FROM THE PASTOR
"Most assuredly, I say to you, unless a grain of wheat falls into the ground and dies, it remains alone; but if it dies, it produces much grain. (John 12:24 NKJ)
This is the time of year that many seeds fall into the ground. Across the nation farmers are firing up their machinery and gardeners are digging out their tools to begin the annual cycle of planting and harvest. Truckloads of seeds are rolling down the highways and packets of seeds are sprouting up on the shelves of local stores. Everyone with a slightly green thumb is turning over soil and planting seeds.
A seed is a marvelous creation. Inside a little hard shell are packed a germ of life and enough nutrients to jump-start a new generation of a plant. The outer shell is hard and smooth which makes seeds very durable. They can sit in bags, bins or boxes waiting for the right time to be planted. Archeologists have discovered and planted seeds that are thousands of years old. Many of those ancient seeds have sprouted and produced a new copy of the plant that had produced the seed.
But every school child knows that seeds are not grown to be stored. They are not intended to be museum pieces. They are intended to be planted Seeds are grown to fall into the ground. In the ground, moisture begins to attack the outer shell. It wrinkles and swells until it breaks open and exposes the germ inside.
It is this death of the seed which releases the life stored inside. The new sprout begins to push upward and the tiny root pushes downward. With proper growing conditions and some time, the plant matures and produces many more seeds.
Jesus was talking to farmers and gardeners in John 12, but he was not talking about farming. He was using their experience to teach about his mission. He was the seed that must fall into the ground. If he used his incredible power to protect himself, he could live on eternally, but he would do it alone. If he was willing to fall into the earth in death he would bear much fruit. He would redeem a great family of brothers and sisters who would share eternity with him. On Good Friday the holy seed fell into the ground. On Resurrection Sunday the sprout came out of its tomb. On Pentecost the harvest began.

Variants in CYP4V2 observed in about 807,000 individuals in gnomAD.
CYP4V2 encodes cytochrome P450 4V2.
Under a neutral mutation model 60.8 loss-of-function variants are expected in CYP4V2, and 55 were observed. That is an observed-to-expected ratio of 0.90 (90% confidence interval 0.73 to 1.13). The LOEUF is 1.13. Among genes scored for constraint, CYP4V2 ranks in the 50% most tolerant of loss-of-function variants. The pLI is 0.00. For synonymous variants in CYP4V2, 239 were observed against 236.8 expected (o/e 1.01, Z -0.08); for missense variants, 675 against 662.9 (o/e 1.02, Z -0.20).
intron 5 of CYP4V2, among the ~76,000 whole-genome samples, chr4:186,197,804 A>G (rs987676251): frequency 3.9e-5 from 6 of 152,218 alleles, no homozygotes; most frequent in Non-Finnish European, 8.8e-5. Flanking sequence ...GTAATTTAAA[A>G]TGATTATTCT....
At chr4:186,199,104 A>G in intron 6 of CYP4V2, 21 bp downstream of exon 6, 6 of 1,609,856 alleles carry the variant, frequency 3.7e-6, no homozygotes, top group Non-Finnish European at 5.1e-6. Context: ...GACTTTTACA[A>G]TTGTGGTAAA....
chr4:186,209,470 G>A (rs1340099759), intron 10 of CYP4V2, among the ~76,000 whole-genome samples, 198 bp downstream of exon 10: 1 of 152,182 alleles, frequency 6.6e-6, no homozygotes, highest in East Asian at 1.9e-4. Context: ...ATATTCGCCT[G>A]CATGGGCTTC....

The fruit of his planting continues to this day. Jesus’ message also applies to the members of his family. We too are seeds designed to bear fruit. We are part of a chain of life which passes from plant, to seed, to plant. We are not intended to sit in some kind of museum. Protecting our pretty outer shell is not our highest goal. We are to bear fruit. We cannot bear the fruit of redemption. That has already been done. Jesus’ death and resurrection were for our justification. We bear the fruit of righteousness when we follow his example.
There is only one way for a seed to bear fruit. It must fall into the ground. It has to die. Those are words we do not like. They strike against our impulse of self-preservation. They press against our ego. They test our faith to the limit. We might ask, “If I really do die, won’t I just be dead?” Jesus said and demonstrated that this is not true. We will produce something of eternal quality only if we follow him into death. As long as we put our efforts into self-preservation we will remain alone. As long as our attention is on keeping a pretty, shinny shell, any germ of life will be trapped inside.
The world is full of people who live this way. They are all caught up in self-justification, self-preservation and self-glorification. They can’t figure out why they are so cold dry and alone. They have not discovered the real purpose of a seed. It has to fall and die, and then it can bear much fruit. They have not discovered the full resurrection message.